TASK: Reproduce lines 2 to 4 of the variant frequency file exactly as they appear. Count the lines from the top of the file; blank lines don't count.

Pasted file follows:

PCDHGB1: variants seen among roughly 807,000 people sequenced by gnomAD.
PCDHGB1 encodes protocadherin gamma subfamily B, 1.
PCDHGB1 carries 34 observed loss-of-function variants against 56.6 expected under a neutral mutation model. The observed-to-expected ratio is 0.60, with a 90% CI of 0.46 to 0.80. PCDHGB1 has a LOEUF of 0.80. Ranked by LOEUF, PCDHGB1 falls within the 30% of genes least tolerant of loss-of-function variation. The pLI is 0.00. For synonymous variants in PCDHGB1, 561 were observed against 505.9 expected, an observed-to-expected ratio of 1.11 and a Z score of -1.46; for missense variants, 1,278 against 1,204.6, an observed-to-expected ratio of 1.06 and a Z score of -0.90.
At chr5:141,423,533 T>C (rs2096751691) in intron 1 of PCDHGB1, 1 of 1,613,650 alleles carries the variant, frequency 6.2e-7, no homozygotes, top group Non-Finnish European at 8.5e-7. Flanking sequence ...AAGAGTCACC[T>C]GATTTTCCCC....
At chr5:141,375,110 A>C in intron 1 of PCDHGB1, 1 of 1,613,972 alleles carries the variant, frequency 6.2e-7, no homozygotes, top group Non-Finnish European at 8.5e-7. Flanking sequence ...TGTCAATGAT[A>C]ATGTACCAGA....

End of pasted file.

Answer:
PCDHGB1 encodes protocadherin gamma subfamily B, 1.
PCDHGB1 carries 34 observed loss-of-function variants against 56.6 expected under a neutral mutation model. The observed-to-expected ratio is 0.60, with a 90% CI of 0.46 to 0.80. PCDHGB1 has a LOEUF of 0.80. Ranked by LOEUF, PCDHGB1 falls within the 30% of genes least tolerant of loss-of-function variation. The pLI is 0.00. For synonymous variants in PCDHGB1, 561 were observed against 505.9 expected, an observed-to-expected ratio of 1.11 and a Z score of -1.46; for missense variants, 1,278 against 1,204.6, an observed-to-expected ratio of 1.06 and a Z score of -0.90.
At chr5:141,423,533 T>C (rs2096751691) in intron 1 of PCDHGB1, 1 of 1,613,650 alleles carries the variant, frequency 6.2e-7, no homozygotes, top group Non-Finnish European at 8.5e-7. Flanking sequence ...AAGAGTCACC[T>C]GATTTTCCCC....